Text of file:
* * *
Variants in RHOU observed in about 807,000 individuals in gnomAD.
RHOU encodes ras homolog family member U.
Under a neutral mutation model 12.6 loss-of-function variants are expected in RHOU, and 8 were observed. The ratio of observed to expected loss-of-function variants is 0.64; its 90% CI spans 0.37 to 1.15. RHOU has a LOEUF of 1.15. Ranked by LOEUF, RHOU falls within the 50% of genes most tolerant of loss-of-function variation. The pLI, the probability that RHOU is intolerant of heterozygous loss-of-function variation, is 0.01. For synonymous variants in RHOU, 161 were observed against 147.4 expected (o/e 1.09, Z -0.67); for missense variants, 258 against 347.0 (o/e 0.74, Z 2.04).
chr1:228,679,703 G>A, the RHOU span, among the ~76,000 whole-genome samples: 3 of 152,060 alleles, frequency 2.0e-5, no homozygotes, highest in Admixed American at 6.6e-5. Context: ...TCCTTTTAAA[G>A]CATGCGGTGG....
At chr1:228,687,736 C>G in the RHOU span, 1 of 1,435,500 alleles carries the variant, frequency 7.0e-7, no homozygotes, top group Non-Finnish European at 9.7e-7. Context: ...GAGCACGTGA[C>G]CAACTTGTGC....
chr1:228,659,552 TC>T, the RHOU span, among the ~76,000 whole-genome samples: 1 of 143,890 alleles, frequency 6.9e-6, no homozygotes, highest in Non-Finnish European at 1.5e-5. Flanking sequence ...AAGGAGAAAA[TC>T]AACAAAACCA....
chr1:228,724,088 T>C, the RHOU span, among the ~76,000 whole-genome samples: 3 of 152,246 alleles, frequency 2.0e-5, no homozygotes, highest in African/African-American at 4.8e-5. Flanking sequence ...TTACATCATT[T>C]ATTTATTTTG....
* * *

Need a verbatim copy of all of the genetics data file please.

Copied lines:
Variants in RHOU observed in about 807,000 individuals in gnomAD.
RHOU encodes ras homolog family member U.
Under a neutral mutation model 12.6 loss-of-function variants are expected in RHOU, and 8 were observed. The ratio of observed to expected loss-of-function variants is 0.64; its 90% CI spans 0.37 to 1.15. RHOU has a LOEUF of 1.15. Ranked by LOEUF, RHOU falls within the 50% of genes most tolerant of loss-of-function variation. The pLI, the probability that RHOU is intolerant of heterozygous loss-of-function variation, is 0.01. For synonymous variants in RHOU, 161 were observed against 147.4 expected (o/e 1.09, Z -0.67); for missense variants, 258 against 347.0 (o/e 0.74, Z 2.04).
chr1:228,679,703 G>A, the RHOU span, among the ~76,000 whole-genome samples: 3 of 152,060 alleles, frequency 2.0e-5, no homozygotes, highest in Admixed American at 6.6e-5. Context: ...TCCTTTTAAA[G>A]CATGCGGTGG....
At chr1:228,687,736 C>G in the RHOU span, 1 of 1,435,500 alleles carries the variant, frequency 7.0e-7, no homozygotes, top group Non-Finnish European at 9.7e-7. Context: ...GAGCACGTGA[C>G]CAACTTGTGC....
chr1:228,659,552 TC>T, the RHOU span, among the ~76,000 whole-genome samples: 1 of 143,890 alleles, frequency 6.9e-6, no homozygotes, highest in Non-Finnish European at 1.5e-5. Flanking sequence ...AAGGAGAAAA[TC>T]AACAAAACCA....
chr1:228,724,088 T>C, the RHOU span, among the ~76,000 whole-genome samples: 3 of 152,246 alleles, frequency 2.0e-5, no homozygotes, highest in African/African-American at 4.8e-5. Flanking sequence ...TTACATCATT[T>C]ATTTATTTTG....